Did the franchise really need yet another venue?

I can’t promise that there are no Shakespeare cookbooks. But if they do exist, I imagine they are usually found in an obscure corner of the Folger Library, and are likely more scholarly than culinary. Certainly they are not on prominent display at Borders. Furthermore, I wouldn’t buy one if it were, because I don’t enjoy having Shakespeare in every facet of my daily life.

And while operas and symphonies exist with Shakespearean themes, they were designed that way. That is the media from which they come. A more apt comparison would be if Playstation 3 were to suddenly announce a video game version of each of Shakespeare’s plays. 80 bucks a pop. I wouldn’t pay money for them, because again I don’t want my love of Shakespeare to be injected into anything and everything I could possibly do. Encroachment. Five yard penalty.

Lack of critical objectivity is another sign of obsession.

The first three films, (which people will always remind you are actually “Episodes 4-6”) were modest entertainment, and were considered ground breaking by most movie historians. For the special effects and music, if nothing else. It brought the space genre out of the realm of the B-Movie. Sort of. Fine. So stipulated, your honor.

But by any objective metric, those three prequels were trash. Period. Acting, cinematography, screenplay, pacing. They were bad films. They made billions though. Of course they did. They had “Star Wars” stamped on them, and millions of people, fans and obsessed alike, had waited decades to see “how it all began.” The films were guaranteed hits regardless of their low quality. Hence the problem. Borrowed gravitas.

I know people who are mere fans of the first Star Wars films who pretend like the prequels don’t exist. Why? Because they know that the prequels are in fact garbage, and don’t have a problem saying so. They not only are poor films in their own right, they tend to infringe on what the first three films accomplished, so more than one grounded fan has told me.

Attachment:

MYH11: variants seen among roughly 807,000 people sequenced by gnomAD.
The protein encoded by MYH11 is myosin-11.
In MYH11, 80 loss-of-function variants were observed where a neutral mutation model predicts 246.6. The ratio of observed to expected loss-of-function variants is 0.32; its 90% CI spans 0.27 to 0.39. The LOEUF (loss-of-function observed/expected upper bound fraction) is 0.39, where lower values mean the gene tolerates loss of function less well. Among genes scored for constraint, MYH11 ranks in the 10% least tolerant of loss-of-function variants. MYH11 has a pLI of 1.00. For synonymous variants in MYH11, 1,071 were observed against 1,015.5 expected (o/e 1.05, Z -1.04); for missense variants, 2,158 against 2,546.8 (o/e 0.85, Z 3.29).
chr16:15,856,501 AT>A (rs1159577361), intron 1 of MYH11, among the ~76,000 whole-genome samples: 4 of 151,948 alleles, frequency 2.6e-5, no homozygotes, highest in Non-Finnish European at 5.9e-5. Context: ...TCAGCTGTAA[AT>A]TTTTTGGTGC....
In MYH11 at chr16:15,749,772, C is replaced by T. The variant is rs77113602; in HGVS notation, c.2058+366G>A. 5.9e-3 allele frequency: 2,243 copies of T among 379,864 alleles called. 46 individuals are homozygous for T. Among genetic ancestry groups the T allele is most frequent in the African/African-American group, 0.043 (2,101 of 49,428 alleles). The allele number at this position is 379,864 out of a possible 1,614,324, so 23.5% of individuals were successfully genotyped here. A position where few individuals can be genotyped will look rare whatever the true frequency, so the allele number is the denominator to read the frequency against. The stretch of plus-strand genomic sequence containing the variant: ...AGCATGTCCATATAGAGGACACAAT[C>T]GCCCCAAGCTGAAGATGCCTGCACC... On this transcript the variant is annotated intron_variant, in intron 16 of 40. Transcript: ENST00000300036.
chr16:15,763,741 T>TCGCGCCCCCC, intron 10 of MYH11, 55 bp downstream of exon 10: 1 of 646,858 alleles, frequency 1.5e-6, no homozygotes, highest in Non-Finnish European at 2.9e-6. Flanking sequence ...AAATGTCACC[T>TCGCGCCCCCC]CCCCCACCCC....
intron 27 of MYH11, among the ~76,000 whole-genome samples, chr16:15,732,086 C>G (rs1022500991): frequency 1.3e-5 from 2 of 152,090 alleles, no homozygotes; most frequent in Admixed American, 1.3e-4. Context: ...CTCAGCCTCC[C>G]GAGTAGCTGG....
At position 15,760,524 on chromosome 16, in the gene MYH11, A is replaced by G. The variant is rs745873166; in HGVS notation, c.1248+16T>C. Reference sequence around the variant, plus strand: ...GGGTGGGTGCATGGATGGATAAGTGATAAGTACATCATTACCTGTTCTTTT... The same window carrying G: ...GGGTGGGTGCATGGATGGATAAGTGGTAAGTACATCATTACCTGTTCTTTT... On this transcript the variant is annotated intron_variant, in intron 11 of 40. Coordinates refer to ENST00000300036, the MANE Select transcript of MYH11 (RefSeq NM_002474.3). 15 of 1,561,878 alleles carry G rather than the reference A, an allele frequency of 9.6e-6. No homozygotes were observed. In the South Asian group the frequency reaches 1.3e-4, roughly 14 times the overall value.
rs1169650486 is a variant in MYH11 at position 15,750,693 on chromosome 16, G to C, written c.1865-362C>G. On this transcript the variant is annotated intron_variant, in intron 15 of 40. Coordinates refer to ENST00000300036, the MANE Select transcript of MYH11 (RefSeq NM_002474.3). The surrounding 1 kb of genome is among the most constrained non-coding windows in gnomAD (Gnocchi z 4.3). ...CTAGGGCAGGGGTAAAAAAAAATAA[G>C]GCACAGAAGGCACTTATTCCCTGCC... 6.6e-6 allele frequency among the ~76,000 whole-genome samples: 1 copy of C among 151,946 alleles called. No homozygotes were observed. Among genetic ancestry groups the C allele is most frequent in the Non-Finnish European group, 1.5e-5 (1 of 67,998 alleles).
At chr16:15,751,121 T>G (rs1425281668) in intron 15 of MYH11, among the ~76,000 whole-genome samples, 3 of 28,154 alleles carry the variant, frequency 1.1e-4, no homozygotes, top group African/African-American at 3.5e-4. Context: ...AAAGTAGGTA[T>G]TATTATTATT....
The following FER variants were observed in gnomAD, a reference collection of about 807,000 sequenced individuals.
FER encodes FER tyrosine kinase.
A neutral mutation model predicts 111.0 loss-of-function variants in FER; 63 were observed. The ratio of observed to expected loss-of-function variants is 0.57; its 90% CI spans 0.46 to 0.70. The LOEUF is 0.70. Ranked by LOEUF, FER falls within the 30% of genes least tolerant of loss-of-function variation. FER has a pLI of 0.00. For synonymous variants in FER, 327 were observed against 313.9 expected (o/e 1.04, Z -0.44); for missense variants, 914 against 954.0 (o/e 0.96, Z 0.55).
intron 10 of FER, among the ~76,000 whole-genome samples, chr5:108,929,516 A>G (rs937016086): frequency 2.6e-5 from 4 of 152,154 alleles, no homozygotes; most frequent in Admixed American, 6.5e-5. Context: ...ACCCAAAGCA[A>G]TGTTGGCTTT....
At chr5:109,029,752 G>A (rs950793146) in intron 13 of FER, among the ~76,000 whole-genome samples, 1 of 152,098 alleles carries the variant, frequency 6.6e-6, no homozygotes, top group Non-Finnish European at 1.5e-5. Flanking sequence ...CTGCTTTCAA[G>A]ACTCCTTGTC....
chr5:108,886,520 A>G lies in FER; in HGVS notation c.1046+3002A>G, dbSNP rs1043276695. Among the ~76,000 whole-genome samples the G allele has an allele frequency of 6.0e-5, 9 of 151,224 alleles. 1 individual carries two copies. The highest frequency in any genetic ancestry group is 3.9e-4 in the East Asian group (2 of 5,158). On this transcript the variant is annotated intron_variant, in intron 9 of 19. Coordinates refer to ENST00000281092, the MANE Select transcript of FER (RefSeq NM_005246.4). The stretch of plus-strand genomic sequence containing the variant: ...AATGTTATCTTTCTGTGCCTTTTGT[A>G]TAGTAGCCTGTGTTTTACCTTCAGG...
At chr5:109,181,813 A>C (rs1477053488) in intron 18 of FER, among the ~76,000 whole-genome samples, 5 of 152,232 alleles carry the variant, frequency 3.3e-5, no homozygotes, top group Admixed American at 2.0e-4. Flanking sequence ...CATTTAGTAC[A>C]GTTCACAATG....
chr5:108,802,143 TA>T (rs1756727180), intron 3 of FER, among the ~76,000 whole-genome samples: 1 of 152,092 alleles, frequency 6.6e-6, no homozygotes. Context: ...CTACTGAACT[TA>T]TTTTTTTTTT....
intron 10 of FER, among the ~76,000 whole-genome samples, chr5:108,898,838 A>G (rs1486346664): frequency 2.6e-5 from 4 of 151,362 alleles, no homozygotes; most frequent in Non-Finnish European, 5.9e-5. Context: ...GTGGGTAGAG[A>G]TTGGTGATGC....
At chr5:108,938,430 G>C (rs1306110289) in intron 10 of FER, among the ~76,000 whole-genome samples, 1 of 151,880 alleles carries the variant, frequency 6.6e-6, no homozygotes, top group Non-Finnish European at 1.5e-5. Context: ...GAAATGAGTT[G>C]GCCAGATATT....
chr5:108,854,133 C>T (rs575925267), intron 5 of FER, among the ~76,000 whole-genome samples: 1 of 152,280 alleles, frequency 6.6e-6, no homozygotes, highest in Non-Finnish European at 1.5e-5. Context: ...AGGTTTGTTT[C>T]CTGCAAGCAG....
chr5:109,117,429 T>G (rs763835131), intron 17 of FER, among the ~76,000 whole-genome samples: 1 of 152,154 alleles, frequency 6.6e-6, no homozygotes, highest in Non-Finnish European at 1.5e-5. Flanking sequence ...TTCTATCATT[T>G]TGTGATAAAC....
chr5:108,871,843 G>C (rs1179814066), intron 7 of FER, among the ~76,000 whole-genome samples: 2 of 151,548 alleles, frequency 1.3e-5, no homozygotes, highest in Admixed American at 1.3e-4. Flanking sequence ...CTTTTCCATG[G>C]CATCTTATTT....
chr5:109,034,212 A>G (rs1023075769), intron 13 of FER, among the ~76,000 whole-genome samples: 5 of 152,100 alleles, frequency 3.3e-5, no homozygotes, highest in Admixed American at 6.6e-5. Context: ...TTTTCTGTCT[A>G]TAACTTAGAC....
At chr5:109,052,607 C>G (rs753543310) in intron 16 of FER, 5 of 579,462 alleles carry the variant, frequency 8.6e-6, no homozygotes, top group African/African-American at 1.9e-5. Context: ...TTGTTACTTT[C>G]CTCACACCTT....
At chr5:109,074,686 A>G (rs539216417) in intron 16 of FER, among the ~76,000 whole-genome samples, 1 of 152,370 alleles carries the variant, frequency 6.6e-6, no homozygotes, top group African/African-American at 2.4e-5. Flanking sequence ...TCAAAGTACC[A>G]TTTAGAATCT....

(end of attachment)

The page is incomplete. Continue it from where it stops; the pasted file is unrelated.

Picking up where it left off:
If those same three movies had been their own trilogy, and called something like “Space Battles”, most Star Wars people would rightfully rip them to shreds, and they know it. The movies certainly would not have made billions if they had been exactly the same, but with name changes. Yet the sheer amount of energy, time, and sometimes blood put into defending these terrible films because they are Star Wars is staggering.

As for me, I think the play, Love’s Labor’s Lost  is trash. And I was once in the damn thing. It’s rambling, awkward, boring, flowery to the point of incoherence and possessed of a humor so topical to the 1600’s that not even scholars know what the hell half of the jokes are supposed to mean. Few companies ever perform it, and I have no problem seeing why not.

They do however frequently put on As You Like It and that one sucks too. So does Titus Andronicus. I haven’t bothered to ever read the epic poem “The Rape of Lucrece” because it just doesn’t interest me in the slightest.

And yet all are the creations of William Shakespeare, a man whose other works have been a major influence in my life. But he wasn’t perfect, and his name being attached to something doesn’t make it brilliant. It just makes it Shakespeare. If only more people would adopt that view for things made by George Lucas.

Finally, the trait I think is most indicative of obsession is taking it personally.

Back in May, a new “holiday” was initiated. It was “Star Wars Day” among fans and obsessed alike. To be exact, it was on the fourth. Why the fourth? Because, dear friends, people could then walk around saying, “May the fourth be with you.”

This hearkens back a bit to “daily encroachment” in that these people are in so much need to attach a Star Wars celebration to yet another part of their daily lives that they declared the fourth of May their own day because when said in a certain order, it vaguely sounds like one of the catchphrases from Star Wars spoken by someone with a lisp.


If you are going to use a terrible, asinine almost-pun like that for something so silly, at least have the ability to laugh at yourself about it. 

Yet, I found out the hard way, people obsessed with Star Wars cannot.

On my Facebook that day, I mentioned something about thinking it was one of the most desperate, unfunny, half-assed excuses for a holiday that I had ever come across. And let’s face it, it is. The vitriol and anger that came out of some people after I did that was sickening.

Why are you so hostile to people who love something? Don’t you love anything?”

“What’s with all of the hate?”

“A theatre geek that has a problem with Star Wars? I call bullshit on your attitude.”

“How long are we supposed to put up with your narcissism?”

“What sort of fear are you really hiding by lashing out at Star Wars fans?”

I’d like to point out that 90% of the time I could put, “I just broke my arm” on my Facebook status and not one person would respond with anything. But mess with Star Wars and suddenly it’s on?

Or the time when I learned of one of my former friends, (note, “former”) was going to the previously mentioned Star Wars in Concert. This girl always prided herself in “telling it like it is” and “not pulling any punches. What you see is what you get.” You know the type. Pursuant to that she would have no trouble telling you if your shoes were ugly, or if your writing was boring and not worth her time. (Which she told me more than once.)